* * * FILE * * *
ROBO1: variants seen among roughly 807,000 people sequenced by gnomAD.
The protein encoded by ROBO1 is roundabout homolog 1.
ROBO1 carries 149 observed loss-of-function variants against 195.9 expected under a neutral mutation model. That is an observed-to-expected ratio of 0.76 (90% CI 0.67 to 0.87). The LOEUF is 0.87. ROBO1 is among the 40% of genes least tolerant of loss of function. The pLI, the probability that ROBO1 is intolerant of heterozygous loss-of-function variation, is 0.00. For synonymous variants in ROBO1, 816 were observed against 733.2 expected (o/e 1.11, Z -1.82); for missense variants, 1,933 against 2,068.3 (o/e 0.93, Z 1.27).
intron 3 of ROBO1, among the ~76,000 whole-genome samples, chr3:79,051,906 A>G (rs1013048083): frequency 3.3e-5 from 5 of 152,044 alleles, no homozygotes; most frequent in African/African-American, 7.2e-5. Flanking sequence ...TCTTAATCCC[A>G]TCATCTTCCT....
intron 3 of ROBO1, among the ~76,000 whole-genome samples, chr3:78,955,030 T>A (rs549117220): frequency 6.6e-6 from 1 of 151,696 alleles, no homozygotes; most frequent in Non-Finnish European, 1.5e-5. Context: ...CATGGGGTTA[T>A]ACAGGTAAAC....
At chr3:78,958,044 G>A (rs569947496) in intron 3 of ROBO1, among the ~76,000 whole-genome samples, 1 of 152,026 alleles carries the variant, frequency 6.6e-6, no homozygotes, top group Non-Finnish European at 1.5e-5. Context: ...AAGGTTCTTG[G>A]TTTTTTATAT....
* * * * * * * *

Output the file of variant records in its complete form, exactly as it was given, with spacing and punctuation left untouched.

ROBO1: variants seen among roughly 807,000 people sequenced by gnomAD.
The protein encoded by ROBO1 is roundabout homolog 1.
ROBO1 carries 149 observed loss-of-function variants against 195.9 expected under a neutral mutation model. That is an observed-to-expected ratio of 0.76 (90% CI 0.67 to 0.87). The LOEUF is 0.87. ROBO1 is among the 40% of genes least tolerant of loss of function. The pLI, the probability that ROBO1 is intolerant of heterozygous loss-of-function variation, is 0.00. For synonymous variants in ROBO1, 816 were observed against 733.2 expected (o/e 1.11, Z -1.82); for missense variants, 1,933 against 2,068.3 (o/e 0.93, Z 1.27).
intron 3 of ROBO1, among the ~76,000 whole-genome samples, chr3:79,051,906 A>G (rs1013048083): frequency 3.3e-5 from 5 of 152,044 alleles, no homozygotes; most frequent in African/African-American, 7.2e-5. Flanking sequence ...TCTTAATCCC[A>G]TCATCTTCCT....
intron 3 of ROBO1, among the ~76,000 whole-genome samples, chr3:78,955,030 T>A (rs549117220): frequency 6.6e-6 from 1 of 151,696 alleles, no homozygotes; most frequent in Non-Finnish European, 1.5e-5. Context: ...CATGGGGTTA[T>A]ACAGGTAAAC....
At chr3:78,958,044 G>A (rs569947496) in intron 3 of ROBO1, among the ~76,000 whole-genome samples, 1 of 152,026 alleles carries the variant, frequency 6.6e-6, no homozygotes, top group Non-Finnish European at 1.5e-5. Context: ...AAGGTTCTTG[G>A]TTTTTTATAT....